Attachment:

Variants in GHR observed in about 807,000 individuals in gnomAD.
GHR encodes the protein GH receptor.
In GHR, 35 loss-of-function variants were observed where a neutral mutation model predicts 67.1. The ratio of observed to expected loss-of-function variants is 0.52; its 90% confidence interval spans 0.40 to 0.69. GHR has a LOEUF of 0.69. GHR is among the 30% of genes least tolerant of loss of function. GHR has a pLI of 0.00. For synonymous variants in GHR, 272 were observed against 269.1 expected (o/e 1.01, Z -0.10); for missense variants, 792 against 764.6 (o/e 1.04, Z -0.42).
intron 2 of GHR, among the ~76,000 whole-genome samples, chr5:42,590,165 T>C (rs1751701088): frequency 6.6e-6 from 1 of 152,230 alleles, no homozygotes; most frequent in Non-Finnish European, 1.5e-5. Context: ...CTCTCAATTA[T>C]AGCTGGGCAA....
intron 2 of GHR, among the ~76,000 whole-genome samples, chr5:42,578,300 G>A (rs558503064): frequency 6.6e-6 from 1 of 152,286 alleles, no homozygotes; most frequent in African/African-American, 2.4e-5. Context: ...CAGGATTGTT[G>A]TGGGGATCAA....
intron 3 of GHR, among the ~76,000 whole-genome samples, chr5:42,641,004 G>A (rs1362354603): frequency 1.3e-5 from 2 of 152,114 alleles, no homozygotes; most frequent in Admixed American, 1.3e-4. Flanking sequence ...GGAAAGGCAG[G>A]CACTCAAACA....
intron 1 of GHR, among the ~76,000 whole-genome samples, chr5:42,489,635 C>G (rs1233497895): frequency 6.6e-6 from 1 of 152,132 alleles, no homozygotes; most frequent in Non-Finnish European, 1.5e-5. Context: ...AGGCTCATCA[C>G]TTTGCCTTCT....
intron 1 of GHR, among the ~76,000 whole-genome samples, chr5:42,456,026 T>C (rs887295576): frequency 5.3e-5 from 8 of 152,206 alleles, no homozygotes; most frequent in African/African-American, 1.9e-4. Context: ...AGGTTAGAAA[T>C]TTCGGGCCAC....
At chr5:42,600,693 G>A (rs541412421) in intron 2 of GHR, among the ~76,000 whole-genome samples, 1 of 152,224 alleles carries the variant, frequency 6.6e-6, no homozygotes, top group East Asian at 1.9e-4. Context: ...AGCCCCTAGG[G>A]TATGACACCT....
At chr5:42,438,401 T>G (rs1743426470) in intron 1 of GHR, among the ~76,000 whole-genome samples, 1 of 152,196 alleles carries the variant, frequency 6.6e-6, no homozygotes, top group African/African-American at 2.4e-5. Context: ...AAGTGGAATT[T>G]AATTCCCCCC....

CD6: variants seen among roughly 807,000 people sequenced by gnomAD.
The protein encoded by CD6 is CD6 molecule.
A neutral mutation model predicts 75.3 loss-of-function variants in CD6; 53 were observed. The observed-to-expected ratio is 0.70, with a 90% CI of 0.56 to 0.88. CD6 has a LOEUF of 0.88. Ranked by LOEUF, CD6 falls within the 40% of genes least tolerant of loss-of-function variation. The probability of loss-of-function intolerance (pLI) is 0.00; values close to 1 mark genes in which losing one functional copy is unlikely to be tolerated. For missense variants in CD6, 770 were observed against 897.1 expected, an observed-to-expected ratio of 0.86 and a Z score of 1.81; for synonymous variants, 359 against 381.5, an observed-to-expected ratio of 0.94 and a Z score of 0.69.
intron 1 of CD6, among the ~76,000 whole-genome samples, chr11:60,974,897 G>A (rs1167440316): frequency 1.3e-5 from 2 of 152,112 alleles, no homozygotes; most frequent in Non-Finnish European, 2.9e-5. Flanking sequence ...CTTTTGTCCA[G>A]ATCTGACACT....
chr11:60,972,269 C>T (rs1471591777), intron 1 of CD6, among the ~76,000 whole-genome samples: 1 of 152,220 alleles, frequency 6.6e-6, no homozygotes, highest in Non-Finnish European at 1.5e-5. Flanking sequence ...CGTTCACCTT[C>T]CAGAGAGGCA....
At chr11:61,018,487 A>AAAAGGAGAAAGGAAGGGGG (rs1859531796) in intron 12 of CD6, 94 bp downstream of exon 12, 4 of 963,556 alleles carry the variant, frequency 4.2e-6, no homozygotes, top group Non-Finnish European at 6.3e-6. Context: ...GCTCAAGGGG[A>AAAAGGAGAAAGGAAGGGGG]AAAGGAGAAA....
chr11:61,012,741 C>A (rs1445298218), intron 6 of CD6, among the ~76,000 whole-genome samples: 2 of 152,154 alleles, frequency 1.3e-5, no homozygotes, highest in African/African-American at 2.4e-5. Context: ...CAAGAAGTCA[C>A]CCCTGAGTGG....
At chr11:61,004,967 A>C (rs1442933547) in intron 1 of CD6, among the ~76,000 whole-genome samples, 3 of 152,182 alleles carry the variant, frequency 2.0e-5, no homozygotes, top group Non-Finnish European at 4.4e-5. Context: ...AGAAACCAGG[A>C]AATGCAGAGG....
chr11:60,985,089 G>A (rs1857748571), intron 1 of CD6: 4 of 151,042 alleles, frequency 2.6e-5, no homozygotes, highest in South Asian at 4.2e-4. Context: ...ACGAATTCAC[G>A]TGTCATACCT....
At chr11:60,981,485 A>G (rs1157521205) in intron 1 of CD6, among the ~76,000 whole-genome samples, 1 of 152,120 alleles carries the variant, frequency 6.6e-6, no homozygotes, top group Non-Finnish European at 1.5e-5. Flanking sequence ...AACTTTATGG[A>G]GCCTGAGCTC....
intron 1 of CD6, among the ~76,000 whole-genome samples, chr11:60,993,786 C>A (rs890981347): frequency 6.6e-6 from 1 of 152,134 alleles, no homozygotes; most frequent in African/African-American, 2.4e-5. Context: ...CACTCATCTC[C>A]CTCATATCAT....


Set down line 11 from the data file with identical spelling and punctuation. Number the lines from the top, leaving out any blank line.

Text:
CD6: variants seen among roughly 807,000 people sequenced by gnomAD.